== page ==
Barely a week after Hurricane Harvey devastated large swaths of the US Gulf coast, Americans on the East Coast on Sunday were warily watching the progress of another major storm, Hurricane Irma.
For now, those fears are mostly speculative, as the Category 3 storm remains far out in the Atlantic. Its track is, as the Weather Channel described it, “still uncertain and difficult.”
Irma will blast the northern Caribbean with flooding rain, damaging winds and rough surf this week, bringing life-threatening conditions to the islands.
A similar scenario could play out somewhere along the Gulf or East coasts this weekend or next week, depending on where Irma tracks. Residents are urged to prepare now.
Accuweather reports that Major Hurricane Irma will skirt across the northern Caribbean islands with flooding rain, damaging winds and dangerous seas before eyeing the East Coast of the United States this week.
“Irma is a serious threat for the Caribbean islands and United States,” AccuWeather Lead Long-Range Meteorologist Paul Pastelok said.
Irma, currently a Category 3 hurricane, poses an imminent risk to the northernmost Leeward Islands. Preparations for the storm should already be taking place in these areas.
“Rain and gusty winds may start as early as Tuesday,” AccuWeather Senior Meteorologist Rob Miller said.
Irma has been fluctuating in intensity over the past few days, but is expected to strengthen to a Category 4 hurricane with sustained winds of 130-156 mph (209-251 km/h) on its closest approach to the islands.
The storm will turn to the north and west over the coming days. This track will put Antigua and Barbuda, Montserrat, St. Kitts and Nevis, Anguilla and the British Virgin Islands, in the brunt of the storm’s rain and wind spanning Tuesday and Wednesday.
Power outages and damage to trees and structures are possible, even if the center of Irma misses the islands to the north.
Rainfall could be heavy enough to trigger flash flooding, mudslides and road washouts.
“Severe effects from the storm may be limited to a radius 50 miles (80 km) of the center, while the storm moves through the tropics,” AccuWeather Senior Meteorologist Alex Sosnowski said.
Rough surf will spread outward from the storm, leading to dangerous swimming and boating conditions along the east-facing beaches of the Lesser Antilles. Small craft should head to port and remain there until Irma has passed.
Cruise and shipping interests in the projected path of Irma should make plans to reroute.
During the middle and latter half of the week, Irma will move close to Puerto Rico and Hispaniola with the worst of the storm expected to miss the islands to the north. Even so, rough surf, gusty winds and downpours will increase.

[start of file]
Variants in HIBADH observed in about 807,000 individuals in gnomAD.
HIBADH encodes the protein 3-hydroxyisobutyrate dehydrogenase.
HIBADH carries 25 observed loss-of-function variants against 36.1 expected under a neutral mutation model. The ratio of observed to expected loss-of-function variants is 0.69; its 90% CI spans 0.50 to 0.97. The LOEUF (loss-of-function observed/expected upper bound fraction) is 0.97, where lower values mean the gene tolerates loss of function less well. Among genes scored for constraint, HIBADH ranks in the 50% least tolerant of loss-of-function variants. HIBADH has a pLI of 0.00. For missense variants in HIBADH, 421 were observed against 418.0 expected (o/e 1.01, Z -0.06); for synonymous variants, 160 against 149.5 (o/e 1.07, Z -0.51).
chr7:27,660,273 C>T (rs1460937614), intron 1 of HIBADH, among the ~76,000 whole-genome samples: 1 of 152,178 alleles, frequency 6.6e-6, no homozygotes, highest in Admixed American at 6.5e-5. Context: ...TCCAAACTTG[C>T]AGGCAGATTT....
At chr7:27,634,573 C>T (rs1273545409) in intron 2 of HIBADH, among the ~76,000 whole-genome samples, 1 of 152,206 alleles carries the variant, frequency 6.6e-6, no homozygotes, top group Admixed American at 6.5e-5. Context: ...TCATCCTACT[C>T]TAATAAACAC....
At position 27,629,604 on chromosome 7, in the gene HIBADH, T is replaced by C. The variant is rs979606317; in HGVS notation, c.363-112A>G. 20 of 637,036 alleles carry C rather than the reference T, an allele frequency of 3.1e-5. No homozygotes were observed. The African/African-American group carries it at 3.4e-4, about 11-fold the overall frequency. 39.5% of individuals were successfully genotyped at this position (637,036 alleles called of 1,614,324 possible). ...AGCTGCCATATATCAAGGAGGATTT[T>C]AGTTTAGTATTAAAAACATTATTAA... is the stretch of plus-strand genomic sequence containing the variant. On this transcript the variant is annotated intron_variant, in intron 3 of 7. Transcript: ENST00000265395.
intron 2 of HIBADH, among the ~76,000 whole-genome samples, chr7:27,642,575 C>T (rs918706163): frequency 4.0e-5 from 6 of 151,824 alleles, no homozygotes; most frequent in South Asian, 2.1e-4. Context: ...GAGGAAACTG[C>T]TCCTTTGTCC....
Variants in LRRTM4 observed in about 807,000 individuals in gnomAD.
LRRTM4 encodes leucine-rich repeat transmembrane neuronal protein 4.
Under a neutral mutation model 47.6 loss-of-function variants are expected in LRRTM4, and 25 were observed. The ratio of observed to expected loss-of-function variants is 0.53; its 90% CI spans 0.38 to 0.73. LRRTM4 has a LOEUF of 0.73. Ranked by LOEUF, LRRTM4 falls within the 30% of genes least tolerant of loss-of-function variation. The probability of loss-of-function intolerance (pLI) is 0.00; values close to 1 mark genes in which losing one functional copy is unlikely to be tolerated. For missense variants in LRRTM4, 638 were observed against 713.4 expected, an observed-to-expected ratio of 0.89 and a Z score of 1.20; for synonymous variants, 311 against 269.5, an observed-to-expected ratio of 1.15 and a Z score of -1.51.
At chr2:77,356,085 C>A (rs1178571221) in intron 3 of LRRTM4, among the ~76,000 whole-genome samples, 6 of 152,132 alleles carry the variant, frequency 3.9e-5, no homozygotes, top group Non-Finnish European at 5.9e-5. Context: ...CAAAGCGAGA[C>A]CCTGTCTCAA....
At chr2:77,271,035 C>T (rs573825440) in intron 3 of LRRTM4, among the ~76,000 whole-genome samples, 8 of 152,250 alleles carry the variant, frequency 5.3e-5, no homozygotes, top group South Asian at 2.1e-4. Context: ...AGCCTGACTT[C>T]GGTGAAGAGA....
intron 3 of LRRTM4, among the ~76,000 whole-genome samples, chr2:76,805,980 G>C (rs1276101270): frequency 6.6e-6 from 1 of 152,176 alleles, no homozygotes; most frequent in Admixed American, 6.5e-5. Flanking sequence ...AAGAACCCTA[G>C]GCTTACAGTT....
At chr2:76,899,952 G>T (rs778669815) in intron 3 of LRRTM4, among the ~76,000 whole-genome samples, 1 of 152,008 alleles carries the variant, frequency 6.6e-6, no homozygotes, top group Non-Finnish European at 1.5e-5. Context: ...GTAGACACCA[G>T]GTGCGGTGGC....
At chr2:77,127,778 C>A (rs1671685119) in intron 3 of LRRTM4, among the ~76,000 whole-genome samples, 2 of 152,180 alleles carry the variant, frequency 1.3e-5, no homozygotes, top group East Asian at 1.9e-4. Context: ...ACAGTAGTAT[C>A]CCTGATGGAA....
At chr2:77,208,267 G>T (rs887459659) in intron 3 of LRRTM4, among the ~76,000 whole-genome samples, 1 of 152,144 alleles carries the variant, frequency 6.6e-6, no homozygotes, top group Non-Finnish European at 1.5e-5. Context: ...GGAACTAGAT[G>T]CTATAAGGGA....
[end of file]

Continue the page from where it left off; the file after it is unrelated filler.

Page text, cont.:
There is an increasing concern that the Turks and Caicos Islands and the Bahamas will face very dangerous conditions at the end of the week and into the weekend as Irma tracks nearby or possibly through the islands. Impacts will be severe if Irma maintains its strength and passes over the islands.
Will Irma impact the U.S. East Coast?
The exact path of Irma beyond the end of the week remains uncertain and will depend on a variety of factors.
A landfall in Florida, Georgia, the Carolinas and even toward the Delmarva Peninsula is all in the realm of possibilities. The potential remains for the storm to curve northward and miss the East Coast entirely.
“The eastward or northeast progression of a non-tropical system pushing across the central and eastern U.S. this week will highly impact the long-range movement of Irma,” AccuWeather Hurricane Expert Dan Kottlowski said.
How fast or slow this non-tropical system moves will determine whether Irma takes a west-northwest path toward the southern Atlantic Seaboard or gets steered more to the north and away from land.
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“This hurricane has the potential to be a major event for the East Coast. It also has the potential to significantly strain FEMA and other governmental resources occurring so quickly on the heels of Harvey,” Evan Myers, Expert Senior Meteorologist and Chief Operating Officer said.
Any potential impacts along the East Coast would not occur until next weekend and the second week of September.
“The U.S. has not sustained a direct hit from two Category 4 or above hurricanes in more than 100 years,” Myers said.
Given the uncertainty that remains, all interests from the Bahamas to Florida, the Carolinas, southern New England and Bermuda should closely monitor the forecast path of Irma this week and review emergency and evacuation procedures in case they need to be implemented.
“As we saw just 10 days ago with Harvey, it is important to be ready to evacuate and be prepared with at a minimum, a list of items you would take if you had 30 minute notice or 1 hours notice of 6 hours or a day to evacuate,” Myers said.
Another tropical threat brewing
Behind Irma, a disorganized area of showers and thunderstorms located hundreds of miles southwest of the Cabo Verde Islands will need to be monitored for potential development.
This system will move into a favorable environment for organizing and gaining strength as it moves to the west-northwest toward the Lesser Antilles during the middle and latter part of this week.
The next storm in the Atlantic Basin has the name Jose.